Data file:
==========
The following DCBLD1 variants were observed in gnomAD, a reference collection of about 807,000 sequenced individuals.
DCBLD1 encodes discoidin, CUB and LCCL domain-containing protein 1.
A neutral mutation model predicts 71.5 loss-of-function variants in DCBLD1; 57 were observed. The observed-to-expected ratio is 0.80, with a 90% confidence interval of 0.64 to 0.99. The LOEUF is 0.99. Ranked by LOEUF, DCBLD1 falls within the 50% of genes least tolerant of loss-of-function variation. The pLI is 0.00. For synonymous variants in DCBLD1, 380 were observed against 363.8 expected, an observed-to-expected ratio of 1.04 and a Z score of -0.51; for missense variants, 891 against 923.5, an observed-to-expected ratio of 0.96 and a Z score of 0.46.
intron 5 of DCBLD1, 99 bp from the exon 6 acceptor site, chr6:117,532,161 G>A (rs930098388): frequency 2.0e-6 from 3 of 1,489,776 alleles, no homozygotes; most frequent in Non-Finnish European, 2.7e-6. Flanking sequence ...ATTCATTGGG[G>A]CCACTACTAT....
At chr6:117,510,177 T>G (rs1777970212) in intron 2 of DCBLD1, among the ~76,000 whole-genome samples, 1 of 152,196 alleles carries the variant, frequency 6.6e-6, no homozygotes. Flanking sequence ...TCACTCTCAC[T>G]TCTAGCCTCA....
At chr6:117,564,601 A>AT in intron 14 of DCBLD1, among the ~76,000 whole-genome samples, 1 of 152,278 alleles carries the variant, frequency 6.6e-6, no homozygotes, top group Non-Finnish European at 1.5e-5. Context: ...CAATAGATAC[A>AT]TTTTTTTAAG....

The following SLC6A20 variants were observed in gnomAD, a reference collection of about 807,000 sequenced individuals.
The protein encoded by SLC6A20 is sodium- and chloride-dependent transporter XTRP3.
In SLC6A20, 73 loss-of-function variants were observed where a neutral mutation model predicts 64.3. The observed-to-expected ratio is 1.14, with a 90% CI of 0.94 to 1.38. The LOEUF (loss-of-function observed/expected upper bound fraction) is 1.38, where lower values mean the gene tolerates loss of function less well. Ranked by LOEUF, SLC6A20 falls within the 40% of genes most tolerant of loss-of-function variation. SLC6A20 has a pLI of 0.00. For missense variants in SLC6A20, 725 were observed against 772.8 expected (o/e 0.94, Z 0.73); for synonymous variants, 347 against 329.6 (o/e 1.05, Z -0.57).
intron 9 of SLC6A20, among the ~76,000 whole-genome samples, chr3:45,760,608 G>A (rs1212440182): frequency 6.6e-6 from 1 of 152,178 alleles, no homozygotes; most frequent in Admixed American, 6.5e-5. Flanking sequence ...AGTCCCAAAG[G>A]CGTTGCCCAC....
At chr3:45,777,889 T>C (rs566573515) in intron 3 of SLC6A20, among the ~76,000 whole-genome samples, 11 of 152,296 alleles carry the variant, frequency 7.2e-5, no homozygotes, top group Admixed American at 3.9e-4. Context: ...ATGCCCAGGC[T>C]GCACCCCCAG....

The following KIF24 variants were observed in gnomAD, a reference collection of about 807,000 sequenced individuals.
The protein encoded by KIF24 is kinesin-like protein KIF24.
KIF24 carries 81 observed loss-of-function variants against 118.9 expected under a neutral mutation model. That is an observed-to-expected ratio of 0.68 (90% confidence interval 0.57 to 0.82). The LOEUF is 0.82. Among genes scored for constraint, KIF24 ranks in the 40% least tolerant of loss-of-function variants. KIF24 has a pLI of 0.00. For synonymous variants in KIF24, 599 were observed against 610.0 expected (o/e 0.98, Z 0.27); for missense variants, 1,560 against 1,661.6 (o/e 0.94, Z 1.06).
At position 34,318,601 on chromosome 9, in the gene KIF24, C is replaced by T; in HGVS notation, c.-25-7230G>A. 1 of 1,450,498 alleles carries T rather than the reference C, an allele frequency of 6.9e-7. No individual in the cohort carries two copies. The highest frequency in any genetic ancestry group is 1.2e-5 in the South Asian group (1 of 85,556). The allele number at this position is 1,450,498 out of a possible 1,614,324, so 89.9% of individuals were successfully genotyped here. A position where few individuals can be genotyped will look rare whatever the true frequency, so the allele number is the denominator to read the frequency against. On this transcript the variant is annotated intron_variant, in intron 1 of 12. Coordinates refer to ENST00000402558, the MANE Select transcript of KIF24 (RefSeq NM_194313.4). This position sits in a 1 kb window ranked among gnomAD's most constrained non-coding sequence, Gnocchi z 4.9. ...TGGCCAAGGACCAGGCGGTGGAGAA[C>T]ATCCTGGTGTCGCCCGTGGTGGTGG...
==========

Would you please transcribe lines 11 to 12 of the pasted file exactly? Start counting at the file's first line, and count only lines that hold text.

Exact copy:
At chr3:45,777,889 T>C (rs566573515) in intron 3 of SLC6A20, among the ~76,000 whole-genome samples, 11 of 152,296 alleles carry the variant, frequency 7.2e-5, no homozygotes, top group Admixed American at 3.9e-4. Context: ...ATGCCCAGGC[T>C]GCACCCCCAG....

The following KIF24 variants were observed in gnomAD, a reference collection of about 807,000 sequenced individuals.